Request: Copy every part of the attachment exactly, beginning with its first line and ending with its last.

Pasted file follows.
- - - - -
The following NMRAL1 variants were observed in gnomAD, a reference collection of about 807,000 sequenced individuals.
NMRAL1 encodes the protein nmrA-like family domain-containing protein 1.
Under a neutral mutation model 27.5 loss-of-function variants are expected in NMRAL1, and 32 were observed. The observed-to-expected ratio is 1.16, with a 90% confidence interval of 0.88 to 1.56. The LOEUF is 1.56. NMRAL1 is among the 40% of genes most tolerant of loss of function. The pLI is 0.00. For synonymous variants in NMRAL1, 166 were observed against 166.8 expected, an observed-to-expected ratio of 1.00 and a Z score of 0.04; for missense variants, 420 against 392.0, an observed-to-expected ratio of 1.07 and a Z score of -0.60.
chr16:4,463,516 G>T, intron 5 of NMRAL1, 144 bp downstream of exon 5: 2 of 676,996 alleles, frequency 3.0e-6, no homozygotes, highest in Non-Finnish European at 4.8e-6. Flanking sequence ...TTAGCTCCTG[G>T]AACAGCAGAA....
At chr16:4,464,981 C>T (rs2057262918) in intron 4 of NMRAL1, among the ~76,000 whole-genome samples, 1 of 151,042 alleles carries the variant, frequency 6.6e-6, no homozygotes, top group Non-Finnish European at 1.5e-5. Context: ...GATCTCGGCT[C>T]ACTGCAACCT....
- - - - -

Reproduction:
The following NMRAL1 variants were observed in gnomAD, a reference collection of about 807,000 sequenced individuals.
NMRAL1 encodes the protein nmrA-like family domain-containing protein 1.
Under a neutral mutation model 27.5 loss-of-function variants are expected in NMRAL1, and 32 were observed. The observed-to-expected ratio is 1.16, with a 90% confidence interval of 0.88 to 1.56. The LOEUF is 1.56. NMRAL1 is among the 40% of genes most tolerant of loss of function. The pLI is 0.00. For synonymous variants in NMRAL1, 166 were observed against 166.8 expected, an observed-to-expected ratio of 1.00 and a Z score of 0.04; for missense variants, 420 against 392.0, an observed-to-expected ratio of 1.07 and a Z score of -0.60.
chr16:4,463,516 G>T, intron 5 of NMRAL1, 144 bp downstream of exon 5: 2 of 676,996 alleles, frequency 3.0e-6, no homozygotes, highest in Non-Finnish European at 4.8e-6. Flanking sequence ...TTAGCTCCTG[G>T]AACAGCAGAA....
At chr16:4,464,981 C>T (rs2057262918) in intron 4 of NMRAL1, among the ~76,000 whole-genome samples, 1 of 151,042 alleles carries the variant, frequency 6.6e-6, no homozygotes, top group Non-Finnish European at 1.5e-5. Context: ...GATCTCGGCT[C>T]ACTGCAACCT....